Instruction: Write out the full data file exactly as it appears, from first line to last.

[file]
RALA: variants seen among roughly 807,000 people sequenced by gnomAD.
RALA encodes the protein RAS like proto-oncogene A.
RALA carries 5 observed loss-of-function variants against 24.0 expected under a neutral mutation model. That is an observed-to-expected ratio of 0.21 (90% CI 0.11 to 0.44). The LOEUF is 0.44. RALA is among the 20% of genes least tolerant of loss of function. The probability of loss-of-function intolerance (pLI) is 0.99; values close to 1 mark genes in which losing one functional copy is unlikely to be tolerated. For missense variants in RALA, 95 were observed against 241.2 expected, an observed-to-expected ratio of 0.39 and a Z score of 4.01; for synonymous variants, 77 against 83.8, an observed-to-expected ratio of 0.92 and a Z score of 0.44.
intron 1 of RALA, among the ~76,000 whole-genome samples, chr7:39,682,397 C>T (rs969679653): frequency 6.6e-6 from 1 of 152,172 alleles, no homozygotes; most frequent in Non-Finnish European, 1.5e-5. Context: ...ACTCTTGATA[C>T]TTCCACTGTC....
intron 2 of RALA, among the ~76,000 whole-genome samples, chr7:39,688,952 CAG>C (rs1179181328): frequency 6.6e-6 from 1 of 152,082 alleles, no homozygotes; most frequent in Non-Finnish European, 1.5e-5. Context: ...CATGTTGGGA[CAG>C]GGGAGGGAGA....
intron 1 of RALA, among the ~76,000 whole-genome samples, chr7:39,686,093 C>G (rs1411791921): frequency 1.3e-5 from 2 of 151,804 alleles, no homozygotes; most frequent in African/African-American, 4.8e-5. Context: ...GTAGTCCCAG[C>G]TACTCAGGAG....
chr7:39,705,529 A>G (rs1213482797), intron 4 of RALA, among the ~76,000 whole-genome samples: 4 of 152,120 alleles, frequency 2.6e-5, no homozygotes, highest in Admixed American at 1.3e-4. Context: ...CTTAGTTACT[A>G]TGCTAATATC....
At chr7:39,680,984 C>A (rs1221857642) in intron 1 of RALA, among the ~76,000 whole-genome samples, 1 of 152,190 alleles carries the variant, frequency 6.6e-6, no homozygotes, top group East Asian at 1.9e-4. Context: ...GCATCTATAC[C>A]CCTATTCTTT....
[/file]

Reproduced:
RALA: variants seen among roughly 807,000 people sequenced by gnomAD.
RALA encodes the protein RAS like proto-oncogene A.
RALA carries 5 observed loss-of-function variants against 24.0 expected under a neutral mutation model. That is an observed-to-expected ratio of 0.21 (90% CI 0.11 to 0.44). The LOEUF is 0.44. RALA is among the 20% of genes least tolerant of loss of function. The probability of loss-of-function intolerance (pLI) is 0.99; values close to 1 mark genes in which losing one functional copy is unlikely to be tolerated. For missense variants in RALA, 95 were observed against 241.2 expected, an observed-to-expected ratio of 0.39 and a Z score of 4.01; for synonymous variants, 77 against 83.8, an observed-to-expected ratio of 0.92 and a Z score of 0.44.
intron 1 of RALA, among the ~76,000 whole-genome samples, chr7:39,682,397 C>T (rs969679653): frequency 6.6e-6 from 1 of 152,172 alleles, no homozygotes; most frequent in Non-Finnish European, 1.5e-5. Context: ...ACTCTTGATA[C>T]TTCCACTGTC....
intron 2 of RALA, among the ~76,000 whole-genome samples, chr7:39,688,952 CAG>C (rs1179181328): frequency 6.6e-6 from 1 of 152,082 alleles, no homozygotes; most frequent in Non-Finnish European, 1.5e-5. Context: ...CATGTTGGGA[CAG>C]GGGAGGGAGA....
intron 1 of RALA, among the ~76,000 whole-genome samples, chr7:39,686,093 C>G (rs1411791921): frequency 1.3e-5 from 2 of 151,804 alleles, no homozygotes; most frequent in African/African-American, 4.8e-5. Context: ...GTAGTCCCAG[C>G]TACTCAGGAG....
chr7:39,705,529 A>G (rs1213482797), intron 4 of RALA, among the ~76,000 whole-genome samples: 4 of 152,120 alleles, frequency 2.6e-5, no homozygotes, highest in Admixed American at 1.3e-4. Context: ...CTTAGTTACT[A>G]TGCTAATATC....
At chr7:39,680,984 C>A (rs1221857642) in intron 1 of RALA, among the ~76,000 whole-genome samples, 1 of 152,190 alleles carries the variant, frequency 6.6e-6, no homozygotes, top group East Asian at 1.9e-4. Context: ...GCATCTATAC[C>A]CCTATTCTTT....